In 2005 Rob L Cohen and writer W D Richter imagined a near future in which unmanned combat aerial vehicle, controlled by artificial intelligence could serve alongside human pilots.
Obviously with disastrous consequences. A lightning strike fries (and somehow rewires) the AI into conducting its own missions. Because…reasons.
Ultimately it paints an incredibly bleak picture of what the world would look like if we put waging war into the hands of machines.
14 years later and unmanned aerial vehicles are becoming increasingly common in offensive, reconnaissance and defensive operations all over the world. Albeit with a human behind the controls.
UAVs have always been controversial with many calling their use – particularly in the case of drone killings – immoral.
The argument being that drones puts troop protection ahead of civilian safety. It also allows for the potential for surveillance and engagement without the proper oversight.
Although, that can happen with assets in theatre regardless.
Despite the recent news that the joint efforts by Dassault and BAE Systems have been scrapped, there is growing interest in developing Unmanned Combat Aerial Vehicles.
Overall, the use of UAVs by the military has been an overwhelming success.
Surveillance of potential threats or targeted precision strikes against terrorist assets were all made possible by the versatility and comparatively low-cost UAV deployment represent.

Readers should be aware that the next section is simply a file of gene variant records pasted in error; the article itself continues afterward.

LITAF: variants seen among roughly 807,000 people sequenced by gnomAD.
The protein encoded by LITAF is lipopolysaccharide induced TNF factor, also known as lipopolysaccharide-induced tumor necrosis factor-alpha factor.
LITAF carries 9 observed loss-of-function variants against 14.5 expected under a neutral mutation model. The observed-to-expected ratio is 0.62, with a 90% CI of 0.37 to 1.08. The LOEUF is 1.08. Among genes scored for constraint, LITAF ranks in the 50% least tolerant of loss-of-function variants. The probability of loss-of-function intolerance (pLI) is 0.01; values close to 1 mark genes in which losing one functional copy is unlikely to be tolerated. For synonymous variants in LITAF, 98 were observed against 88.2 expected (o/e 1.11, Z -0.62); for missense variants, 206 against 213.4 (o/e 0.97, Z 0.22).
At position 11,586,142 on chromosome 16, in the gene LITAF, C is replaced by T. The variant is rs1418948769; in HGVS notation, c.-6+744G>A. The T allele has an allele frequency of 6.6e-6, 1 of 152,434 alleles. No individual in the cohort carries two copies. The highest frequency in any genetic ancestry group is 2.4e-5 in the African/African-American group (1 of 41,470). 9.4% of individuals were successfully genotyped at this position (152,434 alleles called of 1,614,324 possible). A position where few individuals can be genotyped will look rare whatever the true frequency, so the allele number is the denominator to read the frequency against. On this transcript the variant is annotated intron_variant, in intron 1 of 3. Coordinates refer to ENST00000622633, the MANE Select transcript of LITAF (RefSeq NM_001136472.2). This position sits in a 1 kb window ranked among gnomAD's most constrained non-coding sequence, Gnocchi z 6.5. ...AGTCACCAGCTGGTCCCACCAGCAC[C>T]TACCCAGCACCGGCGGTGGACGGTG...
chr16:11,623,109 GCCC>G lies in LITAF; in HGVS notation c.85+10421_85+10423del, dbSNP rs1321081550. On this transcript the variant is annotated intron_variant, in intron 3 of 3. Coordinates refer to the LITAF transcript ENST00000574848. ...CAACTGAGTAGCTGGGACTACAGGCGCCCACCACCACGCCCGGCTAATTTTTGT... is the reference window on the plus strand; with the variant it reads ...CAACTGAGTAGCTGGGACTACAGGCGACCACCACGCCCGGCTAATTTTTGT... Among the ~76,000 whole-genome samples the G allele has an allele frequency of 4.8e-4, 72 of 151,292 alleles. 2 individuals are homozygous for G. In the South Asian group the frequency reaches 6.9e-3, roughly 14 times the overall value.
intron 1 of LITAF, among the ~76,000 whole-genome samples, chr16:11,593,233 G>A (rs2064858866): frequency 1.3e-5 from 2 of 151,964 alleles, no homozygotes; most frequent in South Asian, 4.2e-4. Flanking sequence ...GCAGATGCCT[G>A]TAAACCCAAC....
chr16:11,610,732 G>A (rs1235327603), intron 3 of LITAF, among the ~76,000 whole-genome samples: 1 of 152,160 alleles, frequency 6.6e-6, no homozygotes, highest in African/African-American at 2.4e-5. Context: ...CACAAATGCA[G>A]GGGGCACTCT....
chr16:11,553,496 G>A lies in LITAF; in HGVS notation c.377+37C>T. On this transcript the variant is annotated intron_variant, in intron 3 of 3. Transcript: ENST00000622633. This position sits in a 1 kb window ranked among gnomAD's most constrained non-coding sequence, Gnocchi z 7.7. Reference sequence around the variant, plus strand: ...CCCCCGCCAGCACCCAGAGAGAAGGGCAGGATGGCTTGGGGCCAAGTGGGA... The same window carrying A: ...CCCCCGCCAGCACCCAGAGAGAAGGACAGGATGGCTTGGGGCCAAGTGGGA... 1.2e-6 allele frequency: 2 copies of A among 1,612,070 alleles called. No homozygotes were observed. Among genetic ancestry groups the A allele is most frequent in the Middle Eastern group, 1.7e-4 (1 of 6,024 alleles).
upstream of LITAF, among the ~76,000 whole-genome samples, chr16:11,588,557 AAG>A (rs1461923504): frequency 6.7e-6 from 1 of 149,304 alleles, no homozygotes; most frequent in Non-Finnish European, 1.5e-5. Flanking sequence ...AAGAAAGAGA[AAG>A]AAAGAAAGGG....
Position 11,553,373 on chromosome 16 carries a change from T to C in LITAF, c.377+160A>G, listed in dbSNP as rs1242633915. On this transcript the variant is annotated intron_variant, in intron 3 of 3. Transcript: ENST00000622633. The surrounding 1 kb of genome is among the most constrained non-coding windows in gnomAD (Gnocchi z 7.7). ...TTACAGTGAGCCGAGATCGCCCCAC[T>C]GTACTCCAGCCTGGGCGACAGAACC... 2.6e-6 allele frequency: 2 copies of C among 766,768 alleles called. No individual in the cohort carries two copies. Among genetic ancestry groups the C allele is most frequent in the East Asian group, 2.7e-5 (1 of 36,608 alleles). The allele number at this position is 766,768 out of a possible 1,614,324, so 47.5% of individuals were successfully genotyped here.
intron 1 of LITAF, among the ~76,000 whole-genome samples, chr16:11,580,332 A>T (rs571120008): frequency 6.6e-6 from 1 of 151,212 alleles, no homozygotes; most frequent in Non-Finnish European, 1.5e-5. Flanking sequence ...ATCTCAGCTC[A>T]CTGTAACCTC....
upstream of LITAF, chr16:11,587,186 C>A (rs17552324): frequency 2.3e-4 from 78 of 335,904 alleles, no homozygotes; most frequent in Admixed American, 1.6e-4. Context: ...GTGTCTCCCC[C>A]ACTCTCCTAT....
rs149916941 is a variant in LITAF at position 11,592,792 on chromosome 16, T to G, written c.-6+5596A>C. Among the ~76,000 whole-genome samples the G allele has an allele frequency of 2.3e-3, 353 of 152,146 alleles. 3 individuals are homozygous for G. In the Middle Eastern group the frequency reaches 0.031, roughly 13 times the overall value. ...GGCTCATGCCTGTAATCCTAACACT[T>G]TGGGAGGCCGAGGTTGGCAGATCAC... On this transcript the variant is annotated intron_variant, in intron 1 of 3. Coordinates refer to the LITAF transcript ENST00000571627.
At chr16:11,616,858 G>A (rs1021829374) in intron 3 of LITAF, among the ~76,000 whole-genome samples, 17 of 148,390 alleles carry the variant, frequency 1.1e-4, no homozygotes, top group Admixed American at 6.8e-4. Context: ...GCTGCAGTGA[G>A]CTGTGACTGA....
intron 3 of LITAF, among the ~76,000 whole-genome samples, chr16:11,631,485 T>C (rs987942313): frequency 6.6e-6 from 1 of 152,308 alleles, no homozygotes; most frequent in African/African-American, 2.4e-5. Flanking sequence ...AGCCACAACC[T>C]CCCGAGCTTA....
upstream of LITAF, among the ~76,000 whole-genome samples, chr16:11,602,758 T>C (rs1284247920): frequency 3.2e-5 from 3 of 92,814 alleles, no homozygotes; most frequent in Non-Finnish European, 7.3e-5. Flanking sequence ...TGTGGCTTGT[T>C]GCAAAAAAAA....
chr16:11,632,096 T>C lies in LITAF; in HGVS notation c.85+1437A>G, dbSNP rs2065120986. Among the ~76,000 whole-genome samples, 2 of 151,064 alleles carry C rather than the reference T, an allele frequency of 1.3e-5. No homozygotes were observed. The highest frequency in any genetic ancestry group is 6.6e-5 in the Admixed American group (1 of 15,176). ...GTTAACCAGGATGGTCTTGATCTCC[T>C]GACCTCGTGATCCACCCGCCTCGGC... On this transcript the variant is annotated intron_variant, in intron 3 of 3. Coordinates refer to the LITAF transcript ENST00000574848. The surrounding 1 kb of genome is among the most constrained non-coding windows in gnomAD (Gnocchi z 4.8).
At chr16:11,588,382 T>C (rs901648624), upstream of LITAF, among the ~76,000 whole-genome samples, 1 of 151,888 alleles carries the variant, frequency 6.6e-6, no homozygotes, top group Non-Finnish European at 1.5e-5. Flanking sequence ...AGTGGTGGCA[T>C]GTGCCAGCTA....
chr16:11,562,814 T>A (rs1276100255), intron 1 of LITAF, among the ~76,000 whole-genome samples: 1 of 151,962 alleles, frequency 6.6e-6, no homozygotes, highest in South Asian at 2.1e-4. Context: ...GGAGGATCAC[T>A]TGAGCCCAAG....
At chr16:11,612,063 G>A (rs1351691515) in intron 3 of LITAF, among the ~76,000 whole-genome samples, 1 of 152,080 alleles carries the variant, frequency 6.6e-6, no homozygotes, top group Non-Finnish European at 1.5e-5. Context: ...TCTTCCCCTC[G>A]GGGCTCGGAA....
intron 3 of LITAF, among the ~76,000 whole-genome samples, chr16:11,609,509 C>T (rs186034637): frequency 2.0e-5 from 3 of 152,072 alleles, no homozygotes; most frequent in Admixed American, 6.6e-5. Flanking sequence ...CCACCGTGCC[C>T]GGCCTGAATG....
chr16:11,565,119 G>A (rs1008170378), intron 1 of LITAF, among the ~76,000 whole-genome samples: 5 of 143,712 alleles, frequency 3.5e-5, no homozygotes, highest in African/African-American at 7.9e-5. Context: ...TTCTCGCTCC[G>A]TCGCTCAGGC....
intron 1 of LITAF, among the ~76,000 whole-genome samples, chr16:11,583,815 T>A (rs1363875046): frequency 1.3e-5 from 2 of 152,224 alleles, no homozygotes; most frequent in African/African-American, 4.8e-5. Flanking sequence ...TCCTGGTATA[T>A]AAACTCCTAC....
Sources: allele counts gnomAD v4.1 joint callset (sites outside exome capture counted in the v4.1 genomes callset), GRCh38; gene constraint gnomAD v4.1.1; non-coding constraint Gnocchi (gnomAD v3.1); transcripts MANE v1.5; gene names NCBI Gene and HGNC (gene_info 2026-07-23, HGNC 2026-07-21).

With the added benefit of presenting no risk to the pilots.
But the Reaper Drone – the UAV most of us think of – is just a singe example. Smaller drones – some the size of a smart phone – are supporting armed forces in several ways. All of which are designed with the same purpose in mind: keeping them safe.
The ability to use technology to survey an area without risking the lives of soldiers is no bad thing. Again, there is an argument that the technology will never replace human instinct but that’s not the debate in this case.
When it comes to the lives of soldiers, the ability to use a tiny drone to determine the safest and most successful way of completing a mission is no bad thing.
So Unmanned Combat Aerial Vehicles are an obvious and natural progression. Especially when you consider the cost attached to putting a combat pilot in the air.
The USAF spends in excess of $9 million training their pilots. The F35 JSF costs a little under $90 million. That represents a great deal of risk taking to the skies.
UCAV reduces that risk quite significantly. When you consider a great deal of the technology in the aircraft is designed for the human pilot, removing it makes a dramatic impact.
The plane gets smaller, lighter, faster and cheaper.
There is also no risk to the pilot.
That’s a heady mix for defence brass who have the unenviable task of countering threats while keeping one eye on the balance sheet. And dealing with public perception.
The Counter Argument
The problem with taking the pilot out of the cockpit is it could become much harder for UCAV operators to display situational awareness or make those crucial judgement calls in high risk situations.
Arguably because they won’t feel the same sense of urgency that pilots do.
Take the story of Captain Mike ‘Johnny Bravo’ Drowley. In 2002 he served as an A10 pilot during the Afghanistan War.
While running close air support for a special forces operation he chose to perform a weather letdown, dropping below the clouds to get sight of the situation on the ground. There was no order or oversight. Just a situational awareness that told him to check on the men in his care below.
As he descended through the clouds, he heard the words ‘troops in contact’ come through over the radio.